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Which farmers are most at risk in 2019?Which farmers are most at risk in 2019?

Knowing your farm financial numbers has never been more important.

David Kohl

June 4, 2019

2 Min Read
Photos597/Getty Images

One of my favorite stops every other year is in Ames, Iowa, at the Iowa Bankers Association’s annual Ag Bankers Conference. My history with this conference goes back to the early 1980s when I began lecturing at this event and the national agricultural banking schools. I remember playing summertime hoops in the Hilton Coliseum with the Iowa State basketball team at this conference. The professors and bankers in attendance played competitively against the college hoopsters and actually won a few of the games. As time goes by, the points scored and games won tend to get higher as memories get shorter. Now, onto the question posed by one of this year's attendees, “What is the profile of the producer most at risk in 2019?”

First and foremost, problems that are evident today often started half a decade ago at the end of the super cycle. Timing, purchasing land or growing the business can all lead to problems. Couple these factors with the business growing faster than the business IQ of management, and it is no surprise that some producers are struggling. There is an old saying that “the good times create many of the eventual problems.” Business growth without preserving working capital as a buffer for depressed economic times is being observed across the agricultural industry.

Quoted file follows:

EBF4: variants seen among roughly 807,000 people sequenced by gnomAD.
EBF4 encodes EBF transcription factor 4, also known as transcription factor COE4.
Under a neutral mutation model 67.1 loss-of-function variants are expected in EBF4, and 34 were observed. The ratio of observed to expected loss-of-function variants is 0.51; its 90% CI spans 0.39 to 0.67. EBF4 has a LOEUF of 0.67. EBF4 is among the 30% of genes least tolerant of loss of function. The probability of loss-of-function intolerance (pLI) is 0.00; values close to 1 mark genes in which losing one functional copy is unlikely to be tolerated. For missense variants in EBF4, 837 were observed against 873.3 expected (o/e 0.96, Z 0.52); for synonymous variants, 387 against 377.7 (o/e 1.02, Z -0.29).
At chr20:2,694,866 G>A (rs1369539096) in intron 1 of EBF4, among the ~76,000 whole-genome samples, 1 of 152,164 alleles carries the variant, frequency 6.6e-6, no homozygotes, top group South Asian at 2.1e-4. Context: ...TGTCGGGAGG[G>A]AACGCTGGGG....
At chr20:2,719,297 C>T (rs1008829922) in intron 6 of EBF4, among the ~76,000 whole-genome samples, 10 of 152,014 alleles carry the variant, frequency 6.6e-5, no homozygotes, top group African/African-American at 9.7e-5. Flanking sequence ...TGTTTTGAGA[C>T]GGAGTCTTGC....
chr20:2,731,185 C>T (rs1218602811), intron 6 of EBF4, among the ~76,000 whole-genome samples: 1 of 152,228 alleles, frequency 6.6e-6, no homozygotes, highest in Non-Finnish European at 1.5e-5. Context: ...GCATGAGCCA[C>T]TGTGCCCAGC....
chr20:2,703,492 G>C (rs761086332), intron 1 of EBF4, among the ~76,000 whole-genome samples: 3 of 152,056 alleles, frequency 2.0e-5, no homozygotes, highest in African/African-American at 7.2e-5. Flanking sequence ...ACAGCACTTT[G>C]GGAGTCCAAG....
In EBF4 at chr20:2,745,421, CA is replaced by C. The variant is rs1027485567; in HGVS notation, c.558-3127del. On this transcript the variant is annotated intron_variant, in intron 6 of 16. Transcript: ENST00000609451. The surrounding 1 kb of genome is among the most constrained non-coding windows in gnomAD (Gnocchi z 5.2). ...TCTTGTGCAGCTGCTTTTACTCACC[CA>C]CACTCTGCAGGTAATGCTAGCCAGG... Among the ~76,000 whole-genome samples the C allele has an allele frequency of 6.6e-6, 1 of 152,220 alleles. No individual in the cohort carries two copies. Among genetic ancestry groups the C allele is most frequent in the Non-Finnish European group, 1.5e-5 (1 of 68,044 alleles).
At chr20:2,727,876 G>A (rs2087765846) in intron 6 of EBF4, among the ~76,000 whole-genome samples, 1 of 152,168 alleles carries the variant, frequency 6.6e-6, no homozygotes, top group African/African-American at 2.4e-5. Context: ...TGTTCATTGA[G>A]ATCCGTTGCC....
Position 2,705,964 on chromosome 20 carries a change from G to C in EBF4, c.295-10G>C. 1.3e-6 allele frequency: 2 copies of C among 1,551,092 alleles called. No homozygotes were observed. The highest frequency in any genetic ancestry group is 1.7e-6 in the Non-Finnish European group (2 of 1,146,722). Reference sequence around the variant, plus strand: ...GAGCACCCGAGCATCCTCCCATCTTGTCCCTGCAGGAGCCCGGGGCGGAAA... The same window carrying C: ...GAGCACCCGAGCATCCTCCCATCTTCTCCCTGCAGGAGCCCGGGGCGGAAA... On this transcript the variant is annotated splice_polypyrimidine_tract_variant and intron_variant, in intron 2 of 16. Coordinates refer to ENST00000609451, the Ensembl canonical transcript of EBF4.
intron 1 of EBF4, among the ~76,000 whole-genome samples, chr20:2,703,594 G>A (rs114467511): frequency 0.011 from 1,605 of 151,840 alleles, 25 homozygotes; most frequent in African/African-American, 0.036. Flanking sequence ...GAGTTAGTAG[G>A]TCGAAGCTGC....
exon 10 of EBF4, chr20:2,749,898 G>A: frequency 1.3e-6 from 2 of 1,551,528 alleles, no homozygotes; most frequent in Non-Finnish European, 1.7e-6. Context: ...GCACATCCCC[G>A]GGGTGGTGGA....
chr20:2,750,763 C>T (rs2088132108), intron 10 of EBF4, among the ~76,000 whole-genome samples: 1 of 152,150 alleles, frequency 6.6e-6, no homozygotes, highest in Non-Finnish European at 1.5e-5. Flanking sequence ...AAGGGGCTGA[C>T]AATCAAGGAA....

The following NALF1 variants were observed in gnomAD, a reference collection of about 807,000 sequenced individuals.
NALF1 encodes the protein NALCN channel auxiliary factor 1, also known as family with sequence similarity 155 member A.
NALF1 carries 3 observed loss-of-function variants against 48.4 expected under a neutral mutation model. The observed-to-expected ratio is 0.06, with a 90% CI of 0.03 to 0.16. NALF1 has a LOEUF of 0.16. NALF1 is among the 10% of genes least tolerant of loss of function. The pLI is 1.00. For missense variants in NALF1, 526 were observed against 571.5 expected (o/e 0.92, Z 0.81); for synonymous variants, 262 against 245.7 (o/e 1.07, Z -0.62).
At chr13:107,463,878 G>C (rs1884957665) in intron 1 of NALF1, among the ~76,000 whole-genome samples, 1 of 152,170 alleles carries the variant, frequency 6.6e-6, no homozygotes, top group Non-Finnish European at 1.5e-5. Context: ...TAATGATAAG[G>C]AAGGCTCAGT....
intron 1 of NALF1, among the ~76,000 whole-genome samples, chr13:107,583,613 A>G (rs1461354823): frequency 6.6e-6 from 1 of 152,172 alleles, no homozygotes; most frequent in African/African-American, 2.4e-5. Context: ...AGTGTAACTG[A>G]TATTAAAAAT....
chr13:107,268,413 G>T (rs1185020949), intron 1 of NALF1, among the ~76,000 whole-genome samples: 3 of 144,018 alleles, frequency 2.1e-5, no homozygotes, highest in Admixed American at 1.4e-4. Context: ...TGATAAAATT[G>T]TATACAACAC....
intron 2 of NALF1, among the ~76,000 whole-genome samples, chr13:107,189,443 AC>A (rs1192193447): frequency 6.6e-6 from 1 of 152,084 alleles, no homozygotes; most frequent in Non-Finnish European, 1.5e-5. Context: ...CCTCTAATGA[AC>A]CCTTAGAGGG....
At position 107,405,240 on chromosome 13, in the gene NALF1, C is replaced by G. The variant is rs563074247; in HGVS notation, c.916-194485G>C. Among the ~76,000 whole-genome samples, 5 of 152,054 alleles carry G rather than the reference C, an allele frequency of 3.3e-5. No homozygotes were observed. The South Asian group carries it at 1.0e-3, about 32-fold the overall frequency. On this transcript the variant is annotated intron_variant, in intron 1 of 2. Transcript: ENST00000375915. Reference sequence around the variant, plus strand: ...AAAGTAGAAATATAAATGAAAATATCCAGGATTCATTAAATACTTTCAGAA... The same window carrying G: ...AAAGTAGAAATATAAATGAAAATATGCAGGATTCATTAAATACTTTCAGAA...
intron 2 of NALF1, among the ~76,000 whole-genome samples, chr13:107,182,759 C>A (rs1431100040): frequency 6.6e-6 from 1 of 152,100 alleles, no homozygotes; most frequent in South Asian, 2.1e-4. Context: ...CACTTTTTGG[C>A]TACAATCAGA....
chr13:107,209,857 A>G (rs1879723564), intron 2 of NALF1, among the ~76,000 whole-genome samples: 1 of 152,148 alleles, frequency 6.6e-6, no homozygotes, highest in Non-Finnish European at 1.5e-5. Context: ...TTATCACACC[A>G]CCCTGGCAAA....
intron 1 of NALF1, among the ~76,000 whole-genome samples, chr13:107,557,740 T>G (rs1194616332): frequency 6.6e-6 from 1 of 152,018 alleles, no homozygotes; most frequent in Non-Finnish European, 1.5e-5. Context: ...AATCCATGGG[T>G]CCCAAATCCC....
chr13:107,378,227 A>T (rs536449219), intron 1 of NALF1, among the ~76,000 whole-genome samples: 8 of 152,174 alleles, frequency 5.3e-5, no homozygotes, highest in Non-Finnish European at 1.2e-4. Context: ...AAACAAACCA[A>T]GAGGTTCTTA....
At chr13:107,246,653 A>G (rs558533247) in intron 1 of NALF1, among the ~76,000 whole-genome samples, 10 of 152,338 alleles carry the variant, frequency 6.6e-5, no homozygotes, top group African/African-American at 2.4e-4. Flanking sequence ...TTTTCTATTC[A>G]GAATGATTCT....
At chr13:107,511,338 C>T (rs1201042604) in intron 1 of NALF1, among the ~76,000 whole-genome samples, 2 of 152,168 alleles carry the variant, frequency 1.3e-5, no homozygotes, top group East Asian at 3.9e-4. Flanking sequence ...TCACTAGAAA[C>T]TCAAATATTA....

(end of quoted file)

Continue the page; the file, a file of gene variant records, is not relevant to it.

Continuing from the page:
The next characteristic of producers at risk is failure to know the numbers. This includes the cost of production by enterprise. “Drive-by” financials once per year for tax purposes is often a sign of increased risk. Along with knowing the numbers, producers who do not plan and execute a marketing and risk management program are at greater risk.

The book Good to Great by Jim Collins details another trait of high-risk producers with the following quote, “focusing on what is urgent, versus what is important.” This mentality is a common denominator of a financially stressed business or situation. These producers often spend much of their time “putting out fires” rather than making meaningful progress.

Finally, lack of communication is indicative of increased risk. Producers who fail to properly communicate with their lender, partners, and spouses often waste energy, resources, and time attempting to correct subsequent problems.

While one can add many comments to this list, growth is the number one reason why businesses fail. If one does not manage the numbers, then the numbers will manage you.

About the Author(s)

David Kohl

Contributing Writer, Corn+Soybean Digest

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